Through Irish Eyes: Living with cat full of surprises

By: Helen Bale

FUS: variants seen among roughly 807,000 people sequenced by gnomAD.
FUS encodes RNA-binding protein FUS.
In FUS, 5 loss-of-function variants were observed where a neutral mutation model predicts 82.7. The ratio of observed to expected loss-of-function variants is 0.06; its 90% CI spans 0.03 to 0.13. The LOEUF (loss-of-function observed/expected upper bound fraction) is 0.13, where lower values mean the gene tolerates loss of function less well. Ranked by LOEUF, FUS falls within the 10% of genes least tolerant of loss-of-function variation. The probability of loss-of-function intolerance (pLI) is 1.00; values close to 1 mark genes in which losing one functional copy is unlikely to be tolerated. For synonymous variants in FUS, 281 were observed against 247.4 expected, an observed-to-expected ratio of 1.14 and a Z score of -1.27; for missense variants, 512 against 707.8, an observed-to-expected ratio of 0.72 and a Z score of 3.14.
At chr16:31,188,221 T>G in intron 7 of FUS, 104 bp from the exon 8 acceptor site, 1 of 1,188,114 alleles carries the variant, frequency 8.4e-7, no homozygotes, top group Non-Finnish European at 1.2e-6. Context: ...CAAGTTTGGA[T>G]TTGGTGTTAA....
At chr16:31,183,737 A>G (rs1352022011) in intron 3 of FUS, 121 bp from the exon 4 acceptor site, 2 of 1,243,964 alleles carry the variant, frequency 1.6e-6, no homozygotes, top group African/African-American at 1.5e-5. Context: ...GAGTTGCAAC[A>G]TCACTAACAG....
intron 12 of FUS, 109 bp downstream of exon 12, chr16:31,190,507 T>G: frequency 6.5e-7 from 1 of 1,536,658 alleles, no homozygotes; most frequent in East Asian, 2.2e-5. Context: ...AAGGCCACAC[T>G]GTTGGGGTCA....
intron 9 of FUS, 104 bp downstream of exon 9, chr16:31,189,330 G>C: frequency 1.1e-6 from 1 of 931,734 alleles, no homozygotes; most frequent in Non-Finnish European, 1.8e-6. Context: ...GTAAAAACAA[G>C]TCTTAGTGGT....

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Cats — a television promo tells me they are relaxing to play with, especially for those of us in our golden years. Unfortunately, Oh No!, my resident feline, does not agree, nor is she impressed. Dangle a catnip mouse in front of her nose and she turns away in disdain, with total contempt in her green eyes. Live mice are a different matter, as are gophers and other small critters. However, she delights in bringing the mangled bodies in as presents, usually tucked beneath a pillow or between the blankets on my bed. Now it is my turn not to be amused. She is also fond of stalking — and often catching — small birds at the feeder on the patio. How do you teach a cat that gophers are fine but small wrens are not? Oh No! is not shy about making her wishes known. She yowls loud and long until she gets her way and the sliding door is opened for her. Then she sashays down my wheelchair ramp and curls up under the feeder, apparently under the delusion that the birds cannot see her. When we lived in rural Newcastle, I knew little about cats. We were dog people, especially fond of Great Danes. We did keep a few cats in the barn, but they were for mice control, and rarely came up to the house. Thus when Oh No! wandered into my life after I had moved to town, I was totally unprepared for this small ball of gray and white fur. She was independent, apparently determined to get her own way, and she exhibited traits we had never known in dogs. So I turned to the printed word, bringing home a slim volume titled “Why Cats Do That” by Karen Anderson. The sub-title, “A Collection of Curious Kitty Quirks” was not especially reassuring, but I was desperate. The first chapter dealt with why cats rub everything in sight, and since Oh No! wound herself around my ankles, I felt on safe ground. Of course she was demonstrating her affection, her gratitude for food and shelter, a safe place from the storm. Hah! I was quickly disillusioned. This was no demonstration of affection (after all, she rubbed against the corner of the sofa, too.) She was, rather. Marking her territory, saying in effect, this is more mine than yours and don’t you forget it! So on to Chapter 2 — “Why do cats scratch the furniture?’” Granted my home furnishings are made up of early Good Will and late Salvation Army, with a few contributions from friends thrown in (I never have learned to say no), still they are mine and I don’t want them shredded by a four-footed walk-in who just wants to sharpen her claws. Actually, I learned, she isn’t sharpening her claws at all. She’s merely removing the old dull claw sheaths so that she can do a really great job when she jumps on my tummy when I lie down. Besides that, she’s practicing extending and retracting, which is essential to catching prey, fighting and climbing. There are more chapters, things I undoubtedly need to learn, and I plan to. Some things the book does not deal with, such as why Oh No! anticipates when I plan to sit in a particular chair and beats me to it. As I have admitted, I’ve never been a cat person. I’m not sure how well I’ll succeed, but Oh No! may help. As for now, Oh No! curls up at the foot of my hospital bed with a clear view of the patio bird feeder, her “yak yak” tells me that. As for that television promo, well the least said the better. So there! Helen Bale’s columns occasionally appear in the Journal.